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Engineering and Business Building Project

Today, 315 of Mount Union’s roughly 2,300 undergraduate students are majoring in EABA programs, and 100 are pursuing minors in business, accounting, or economics. The engineering program has grown rapidly in the past several years, now serving 200 students and preparing for further growth. To accommodate this growth, and to provide an outstanding environment for teaching and learning, an engineering design studio/fabrication lab, engineering and business collaboration lab, and large business classrooms need to be added to the existing building.

The physical proximity of the University’s business and engineering programs in the EBB is not an accident. The University has actively worked to foster connections between the two programs. A focus on “making” is a lynchpin of that connection. Students in the University’s robust entrepreneurship program partner with engineering students to develop prototypes of new products, learning in the process the practicalities of creating new products. Engineers, in turn, develop a sense of the real world constraints that exist in the world of business; an engineering solution isn’t a business solution until it successfully addresses constraints of budget, timeline, and deliverables.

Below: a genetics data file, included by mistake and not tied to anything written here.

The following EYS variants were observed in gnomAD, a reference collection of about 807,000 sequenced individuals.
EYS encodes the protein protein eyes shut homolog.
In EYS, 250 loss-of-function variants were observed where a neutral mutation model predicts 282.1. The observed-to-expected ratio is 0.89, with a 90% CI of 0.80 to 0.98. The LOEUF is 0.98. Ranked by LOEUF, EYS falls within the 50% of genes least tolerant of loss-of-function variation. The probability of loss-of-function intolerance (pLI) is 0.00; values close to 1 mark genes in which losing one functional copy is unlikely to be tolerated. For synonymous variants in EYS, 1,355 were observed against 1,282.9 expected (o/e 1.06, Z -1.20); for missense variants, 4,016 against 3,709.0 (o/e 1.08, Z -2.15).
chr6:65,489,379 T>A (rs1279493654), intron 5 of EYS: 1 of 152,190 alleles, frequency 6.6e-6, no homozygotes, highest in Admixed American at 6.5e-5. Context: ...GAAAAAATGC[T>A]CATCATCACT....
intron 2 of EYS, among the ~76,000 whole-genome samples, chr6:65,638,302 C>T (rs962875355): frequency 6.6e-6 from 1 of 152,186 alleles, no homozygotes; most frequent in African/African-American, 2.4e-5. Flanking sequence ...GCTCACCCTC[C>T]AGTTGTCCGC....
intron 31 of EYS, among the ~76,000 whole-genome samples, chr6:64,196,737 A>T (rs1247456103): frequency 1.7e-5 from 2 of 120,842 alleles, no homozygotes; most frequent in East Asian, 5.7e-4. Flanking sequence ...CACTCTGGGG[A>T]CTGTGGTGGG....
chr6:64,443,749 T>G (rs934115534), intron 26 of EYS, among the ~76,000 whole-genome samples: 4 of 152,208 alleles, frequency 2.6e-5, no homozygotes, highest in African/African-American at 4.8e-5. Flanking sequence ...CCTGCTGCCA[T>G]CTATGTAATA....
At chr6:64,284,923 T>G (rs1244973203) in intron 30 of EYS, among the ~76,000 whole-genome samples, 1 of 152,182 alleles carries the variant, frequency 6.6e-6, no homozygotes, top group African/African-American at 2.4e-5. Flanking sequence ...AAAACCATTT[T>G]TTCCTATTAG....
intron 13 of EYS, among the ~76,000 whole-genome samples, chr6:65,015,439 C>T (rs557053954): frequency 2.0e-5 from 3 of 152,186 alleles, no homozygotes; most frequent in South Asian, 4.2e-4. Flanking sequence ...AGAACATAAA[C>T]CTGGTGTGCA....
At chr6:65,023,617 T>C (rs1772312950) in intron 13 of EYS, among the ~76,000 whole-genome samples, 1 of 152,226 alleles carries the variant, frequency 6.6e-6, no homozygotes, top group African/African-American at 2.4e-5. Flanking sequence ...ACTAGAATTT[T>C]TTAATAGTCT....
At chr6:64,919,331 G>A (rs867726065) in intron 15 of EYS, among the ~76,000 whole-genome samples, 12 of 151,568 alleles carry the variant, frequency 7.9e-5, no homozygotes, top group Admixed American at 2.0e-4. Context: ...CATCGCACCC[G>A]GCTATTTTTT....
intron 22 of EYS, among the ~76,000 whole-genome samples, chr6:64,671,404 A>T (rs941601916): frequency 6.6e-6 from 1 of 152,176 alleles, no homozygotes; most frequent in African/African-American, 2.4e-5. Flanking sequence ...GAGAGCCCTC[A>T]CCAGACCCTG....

Today, growth in these two areas continues.

Within the Department of Economics, Accounting, and Business Administration, a new program in risk management and insurance studies has been added. The program responds to a national shortage of college graduates who are trained for careers in the insurance industry, an industry with a significant employer presence in Ohio. 

On the engineering front, the University has launched three new engineering majors – electrical engineering, computer engineering, and biomedical engineering – which join the institution’s already-successful and ABET-accredited programs in civil engineering and mechanical engineering. To accommodate expected growth in its engineering program, the University must create classroom, lab, and office space for additional faculty and for almost 200 new undergraduate engineers. 

To properly accommodate and maintain adjacency and synergies between its programs in business and engineering, Mount Union has developed a two-fold plan.

Technology-Enriched Classroom Suite in the Engineering and Business Building Addition

  • Flexible “maker space”
  • Flexible classroom space for instruction and group projects
  • Digital hub for online business instruction

Renovations in the Engineering and Business Building and Tolerton-Hood Hall

  • Engineering labs
  • Seminar rooms
  • Faculty offices
  • Auxiliary and support spaces